The last few days have made me realize that from a vanity point of view, I need to change two things for life up here: 1) my hair style, and 2) my mascara.
For the hairstyle, this picture says it all:
It is windy here most of the time. Longer side bangs and layers just don’t work. Need to rethink that.
For the mascara – I have always been, like my mom, an easy cry-er. If I walk by a wedding going on and don’t know anyone, I am prone to get a little teary-eyed. The last few days I have had the deep privilege of being invited to share the pain of others, and the tears – and the mascara – have run. Here are two special new friends that I would like to share with you.
Mr. K.and his wife are moving in with their sister, who lives next door to our temporary home here. He had asked Eric if a volunteer team could help take out the cement wall that had been splintered by the earthquake yesterday. On Friday, a team of volunteers from Tokyo came over with Eric and spent the morning take out the wall. here is Eric working on it:
After we finished, his wife and sister brought out hot coffee and lots of treats. When I showed up with Ian, they took him inside and played with him while I was outside talking to Mr. K. He asked me if I’d like to see pictures of his home, and returned shortly after with a file of pre and post tsunami photos. He and his wife had lived in Onagawa, a coastal town that was pretty completely ravaged by the tsunami. He showed me photos of his lovely home before the tsunami, and then the approximate place where his home had stood after. It was heart-breaking; I could not help but cry. It is one thing to see a photo of a town filled with wiped-away buildings; it is another to have a dear, dear man point to a small point on that picture and realize that this destination had been their home in the world. I was thankful that they had survived, but cannot imagine what that day and those following were like for them.
He so wanted us to see and to believe how beautiful his town used to be. I absolutely believed him!
He and his wife have been living in temporary housing for the past year, but at the end of this month will be moving in with his sister, next door to us. Since Friday, they have been so so kind to us. Today his wife went to city hall and came over with the one-year daily trash calendar for me, and then walked me to the different trash stations. They are our first neighbor friends! I love it that we can help them, but that they can help us as well.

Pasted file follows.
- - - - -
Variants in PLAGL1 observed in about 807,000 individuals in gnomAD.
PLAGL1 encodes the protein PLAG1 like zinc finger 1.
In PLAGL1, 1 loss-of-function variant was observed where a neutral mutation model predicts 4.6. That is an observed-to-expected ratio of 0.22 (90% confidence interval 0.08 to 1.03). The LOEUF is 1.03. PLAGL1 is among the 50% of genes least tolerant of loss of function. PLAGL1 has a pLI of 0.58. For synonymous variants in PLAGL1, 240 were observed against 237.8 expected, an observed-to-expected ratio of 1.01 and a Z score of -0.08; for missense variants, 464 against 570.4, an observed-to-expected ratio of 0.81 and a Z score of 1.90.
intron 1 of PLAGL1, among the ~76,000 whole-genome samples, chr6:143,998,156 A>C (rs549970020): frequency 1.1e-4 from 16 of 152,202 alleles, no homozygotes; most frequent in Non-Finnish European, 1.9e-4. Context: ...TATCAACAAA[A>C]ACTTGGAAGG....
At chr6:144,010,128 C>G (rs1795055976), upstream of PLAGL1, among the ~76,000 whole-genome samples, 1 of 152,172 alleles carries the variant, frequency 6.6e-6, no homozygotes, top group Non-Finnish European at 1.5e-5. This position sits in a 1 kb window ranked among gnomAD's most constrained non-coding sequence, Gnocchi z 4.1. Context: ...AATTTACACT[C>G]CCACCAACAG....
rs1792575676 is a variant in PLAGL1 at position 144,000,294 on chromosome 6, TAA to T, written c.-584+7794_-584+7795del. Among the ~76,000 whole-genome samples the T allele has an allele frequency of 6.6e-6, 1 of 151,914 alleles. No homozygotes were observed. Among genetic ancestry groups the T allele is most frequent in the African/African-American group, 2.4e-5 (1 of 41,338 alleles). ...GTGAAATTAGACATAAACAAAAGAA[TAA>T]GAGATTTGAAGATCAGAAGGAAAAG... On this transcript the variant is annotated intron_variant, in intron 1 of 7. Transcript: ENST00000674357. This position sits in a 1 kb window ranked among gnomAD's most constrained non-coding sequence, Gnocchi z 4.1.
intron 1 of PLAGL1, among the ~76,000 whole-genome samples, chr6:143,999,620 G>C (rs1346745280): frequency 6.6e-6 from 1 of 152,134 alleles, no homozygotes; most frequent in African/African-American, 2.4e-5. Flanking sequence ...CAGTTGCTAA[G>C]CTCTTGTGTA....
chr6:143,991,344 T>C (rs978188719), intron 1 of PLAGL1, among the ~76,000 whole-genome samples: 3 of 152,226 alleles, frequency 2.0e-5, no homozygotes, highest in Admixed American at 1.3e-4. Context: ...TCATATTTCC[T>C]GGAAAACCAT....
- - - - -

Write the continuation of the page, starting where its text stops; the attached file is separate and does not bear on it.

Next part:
The other areas came about an hour after this, when I was asked to be at a lunch being sponsored by Ssamaritan’s Purse (SP). They had asked seven or eight home owners where they have been working to come to Be One and meet some of us who are now living in the area. When had a fun time of making sushi around small tables and sharing together. Before lunch, I sat with a very beautiful woman, Mrs. T., who owns a massage parlor in one of the hard-hit areas. SP has finished fixing up her home, but she later shared that she cannot move back yet. She said that she and her daughter had been home when the tsunami came, and that the memories of the bodies floating by still haunt them. We were thankful though for the friendships that developed around the table with her — Eric and I need to head over there sometime soon and support her massage business!
During and after lunch, I sat with several other ladies. One shared that she had her husband spent the five days after the tsunami living in their little car with their toy poodle in the car as well. They didn’t have food, but managed to survival somehow with what they could.
Mrs. K. was also at this table. She had come to Japan from Korea twelve years ago, but speaks great Japanese. She has a japanese husband. She started to share with me how she frequently has heart palpitations when she gets in the bath. Last week, she had immense pain and thought she was having a heart attack. She called 911 and was taken by ambulance to the hospital. The doctor said she was physically completely fine. She had an MRI done and it came out normal. She said, “I guess the problems are just in my mind.”
What was hardest for her after the tsunami was her cat. She thought her cat had been washed away in the tsunami, and was really sad. But then a month or so later her husband saw the cat nearby, but when he called the cat’s name, the cat ran away. She is haunted by this. “Why didn’t he come home to us? Was it so terrible that he lost his mind? Does he blame us for what happened to him?”
There were no easy answers. After talking for awhile, we asked if we could pray for her. I opened my mouth to pray, and the only thing that came out was – sobs. I was filled with such grief and sadness for Mrs. K. My Japanese partner ended up praying, and it was incredibly healing for all of us.
Mrs. K and I have talked on the phone several times since then. She called me on Sunday afternoon to tell me that she had found a church near her weekend job in Sendai that was “like us.” She was quite excited about it. I pray that she will continue finding healing from the pain she has experienced, and that we will continue to be friends.
I know i need to find some smear-proof mascara.
It’s a privilege to be here.